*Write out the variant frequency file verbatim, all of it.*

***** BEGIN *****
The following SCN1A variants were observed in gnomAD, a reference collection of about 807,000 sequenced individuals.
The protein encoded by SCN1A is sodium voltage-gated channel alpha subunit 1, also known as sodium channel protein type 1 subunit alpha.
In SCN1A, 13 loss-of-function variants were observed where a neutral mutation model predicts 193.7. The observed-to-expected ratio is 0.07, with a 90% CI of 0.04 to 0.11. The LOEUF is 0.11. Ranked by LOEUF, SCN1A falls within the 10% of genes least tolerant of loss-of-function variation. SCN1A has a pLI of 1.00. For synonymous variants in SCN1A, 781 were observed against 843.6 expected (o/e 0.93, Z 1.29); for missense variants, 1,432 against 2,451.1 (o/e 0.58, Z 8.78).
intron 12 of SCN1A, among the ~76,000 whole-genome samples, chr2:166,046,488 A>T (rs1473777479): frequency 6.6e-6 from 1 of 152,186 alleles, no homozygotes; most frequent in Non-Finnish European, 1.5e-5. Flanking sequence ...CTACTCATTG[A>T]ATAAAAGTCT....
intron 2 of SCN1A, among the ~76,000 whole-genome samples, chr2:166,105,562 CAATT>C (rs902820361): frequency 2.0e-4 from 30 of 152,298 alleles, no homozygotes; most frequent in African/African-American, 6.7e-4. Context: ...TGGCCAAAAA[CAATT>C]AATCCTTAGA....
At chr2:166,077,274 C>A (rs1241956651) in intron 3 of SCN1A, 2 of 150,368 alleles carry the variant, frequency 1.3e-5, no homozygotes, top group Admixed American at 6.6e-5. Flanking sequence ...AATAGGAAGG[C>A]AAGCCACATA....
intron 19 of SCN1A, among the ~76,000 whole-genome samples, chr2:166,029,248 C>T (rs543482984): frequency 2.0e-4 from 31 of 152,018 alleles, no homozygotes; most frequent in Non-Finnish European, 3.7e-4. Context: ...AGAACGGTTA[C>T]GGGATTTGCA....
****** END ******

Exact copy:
The following SCN1A variants were observed in gnomAD, a reference collection of about 807,000 sequenced individuals.
The protein encoded by SCN1A is sodium voltage-gated channel alpha subunit 1, also known as sodium channel protein type 1 subunit alpha.
In SCN1A, 13 loss-of-function variants were observed where a neutral mutation model predicts 193.7. The observed-to-expected ratio is 0.07, with a 90% CI of 0.04 to 0.11. The LOEUF is 0.11. Ranked by LOEUF, SCN1A falls within the 10% of genes least tolerant of loss-of-function variation. SCN1A has a pLI of 1.00. For synonymous variants in SCN1A, 781 were observed against 843.6 expected (o/e 0.93, Z 1.29); for missense variants, 1,432 against 2,451.1 (o/e 0.58, Z 8.78).
intron 12 of SCN1A, among the ~76,000 whole-genome samples, chr2:166,046,488 A>T (rs1473777479): frequency 6.6e-6 from 1 of 152,186 alleles, no homozygotes; most frequent in Non-Finnish European, 1.5e-5. Flanking sequence ...CTACTCATTG[A>T]ATAAAAGTCT....
intron 2 of SCN1A, among the ~76,000 whole-genome samples, chr2:166,105,562 CAATT>C (rs902820361): frequency 2.0e-4 from 30 of 152,298 alleles, no homozygotes; most frequent in African/African-American, 6.7e-4. Context: ...TGGCCAAAAA[CAATT>C]AATCCTTAGA....
At chr2:166,077,274 C>A (rs1241956651) in intron 3 of SCN1A, 2 of 150,368 alleles carry the variant, frequency 1.3e-5, no homozygotes, top group Admixed American at 6.6e-5. Flanking sequence ...AATAGGAAGG[C>A]AAGCCACATA....
intron 19 of SCN1A, among the ~76,000 whole-genome samples, chr2:166,029,248 C>T (rs543482984): frequency 2.0e-4 from 31 of 152,018 alleles, no homozygotes; most frequent in Non-Finnish European, 3.7e-4. Context: ...AGAACGGTTA[C>T]GGGATTTGCA....